David Pace, news editor for race calls and special projects, explains:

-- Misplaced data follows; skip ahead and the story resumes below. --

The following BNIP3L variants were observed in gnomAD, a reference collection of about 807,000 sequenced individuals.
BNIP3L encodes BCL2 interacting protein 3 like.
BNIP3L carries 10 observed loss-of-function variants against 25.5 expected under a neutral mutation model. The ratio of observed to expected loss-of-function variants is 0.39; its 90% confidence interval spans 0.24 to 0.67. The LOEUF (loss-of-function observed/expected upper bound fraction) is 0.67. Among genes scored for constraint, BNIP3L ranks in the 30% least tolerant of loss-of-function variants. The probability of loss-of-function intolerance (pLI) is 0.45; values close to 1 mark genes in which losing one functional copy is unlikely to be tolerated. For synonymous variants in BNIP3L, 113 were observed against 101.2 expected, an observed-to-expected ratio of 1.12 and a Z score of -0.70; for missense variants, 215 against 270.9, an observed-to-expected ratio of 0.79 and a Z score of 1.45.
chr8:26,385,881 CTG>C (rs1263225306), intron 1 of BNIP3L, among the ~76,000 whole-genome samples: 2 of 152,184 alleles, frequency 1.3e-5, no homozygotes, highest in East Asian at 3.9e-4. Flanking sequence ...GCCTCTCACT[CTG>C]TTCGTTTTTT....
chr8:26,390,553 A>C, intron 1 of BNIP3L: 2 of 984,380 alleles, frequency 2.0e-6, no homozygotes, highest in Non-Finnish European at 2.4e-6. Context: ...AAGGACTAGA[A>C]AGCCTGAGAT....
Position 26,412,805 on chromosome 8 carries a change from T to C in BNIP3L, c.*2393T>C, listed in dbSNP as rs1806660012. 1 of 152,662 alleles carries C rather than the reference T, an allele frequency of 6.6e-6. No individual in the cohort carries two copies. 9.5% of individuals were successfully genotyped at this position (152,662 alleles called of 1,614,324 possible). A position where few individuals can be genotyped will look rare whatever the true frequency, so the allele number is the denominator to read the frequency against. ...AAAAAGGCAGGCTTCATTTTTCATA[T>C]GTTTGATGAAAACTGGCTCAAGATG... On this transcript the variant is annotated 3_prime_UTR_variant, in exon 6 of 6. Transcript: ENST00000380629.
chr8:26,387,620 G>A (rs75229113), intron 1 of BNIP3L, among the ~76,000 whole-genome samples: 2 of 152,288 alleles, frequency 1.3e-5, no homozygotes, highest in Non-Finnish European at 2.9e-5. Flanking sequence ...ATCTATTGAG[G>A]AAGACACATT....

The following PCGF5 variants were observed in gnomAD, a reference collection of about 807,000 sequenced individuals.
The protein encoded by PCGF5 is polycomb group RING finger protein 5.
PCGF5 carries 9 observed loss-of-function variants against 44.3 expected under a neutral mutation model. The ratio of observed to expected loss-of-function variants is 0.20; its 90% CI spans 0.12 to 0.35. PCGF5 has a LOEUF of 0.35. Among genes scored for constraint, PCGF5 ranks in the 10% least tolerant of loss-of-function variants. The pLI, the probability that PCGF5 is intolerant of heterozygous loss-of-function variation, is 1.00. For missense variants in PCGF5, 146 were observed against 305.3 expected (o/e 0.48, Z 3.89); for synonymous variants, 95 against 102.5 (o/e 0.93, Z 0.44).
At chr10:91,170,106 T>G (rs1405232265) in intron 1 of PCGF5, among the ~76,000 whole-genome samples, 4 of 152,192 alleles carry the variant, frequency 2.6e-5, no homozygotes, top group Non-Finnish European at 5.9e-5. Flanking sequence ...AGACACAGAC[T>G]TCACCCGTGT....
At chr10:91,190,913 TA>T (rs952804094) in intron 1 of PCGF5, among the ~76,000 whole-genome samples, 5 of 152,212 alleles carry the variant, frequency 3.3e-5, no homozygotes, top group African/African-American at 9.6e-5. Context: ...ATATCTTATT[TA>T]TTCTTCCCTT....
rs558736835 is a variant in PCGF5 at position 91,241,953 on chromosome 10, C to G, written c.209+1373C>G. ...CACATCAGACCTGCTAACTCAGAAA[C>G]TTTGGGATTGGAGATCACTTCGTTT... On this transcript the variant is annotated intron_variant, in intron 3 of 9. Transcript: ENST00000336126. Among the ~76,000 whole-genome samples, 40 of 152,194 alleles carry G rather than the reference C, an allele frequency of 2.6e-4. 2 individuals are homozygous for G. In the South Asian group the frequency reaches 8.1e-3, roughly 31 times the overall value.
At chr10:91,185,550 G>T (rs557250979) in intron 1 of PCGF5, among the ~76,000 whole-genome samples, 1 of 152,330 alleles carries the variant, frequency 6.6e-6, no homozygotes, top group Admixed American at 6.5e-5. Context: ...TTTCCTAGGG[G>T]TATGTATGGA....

It’s almost two months until Election Day but voters already have started mailing in their ballots for president, a reminder that more than a third of all votes this year will be cast before Nov. 8.The huge increase in advance voting over the past decade is forcing the AP and other media organizations to look for more accurate and less expensive ways to estimate which candidates all those early voters are supporting.The AP earlier this year commissioned an experiment to see if an online, probability-based survey could estimate candidate support among both advance and Election Day voters more accurately than the combined exit poll of Election Day voters and telephone poll of advance voters. That’s the dual, and increasingly costly, methodology the AP and its network partners in the National Election Pool now use.The experiment in the Florida presidential primary — reported in this blog last May — found that the average error in the estimates for each of the five Republican and two Democratic candidates who were still in the race at that time was 1 percentage point. In contrast, the average error on the combined exit poll and telephone poll estimates of the same seven candidates was 2.2 percentage points.Now that Florida election officials have compiled the official vote broken down by advance and Election Day voters, we can update the earlier findings. Among advance voters, the online survey estimates for the two Democratic candidates were off an average of 1.1 percentage points, while the telephone poll estimates had an average error of 8.4 percentage points. Among the five Republican candidates, the average online error was 0.7 percentage points, compared to an average of 0.5 percentage points for the telephone poll.The NEP exit poll’s estimates from Election Day voters were more accurate than the online survey estimates. The average error for all candidates from both parties was 0.7 percentage points for the exit poll and 2.7 percentage points for the online survey.The AP experiment was conducted by GfK Custom Research and paid for by a grant from the Knight Foundation. GfK used the Florida residents on its probability-based, 55,000-member national online panel as participants in the survey.They added in a larger non-probability-based sample of Florida residents, using known differences between the two groups to blend them into one sample for each party.The experiment also compared online estimates of the demographics and attitudes of each party’s primary electorate with the exit poll/telephone poll findings. Question-by-question comparisons between the online results with normal geographic weightings and the exit poll results at 5 pm election day can be found here; comparisons after both online and exit poll/telephone poll samples were weighted to the final vote count can be found here. GfK’s full report on the Florida experiment, updated to include the advance and Election Day breakdowns, can be found here.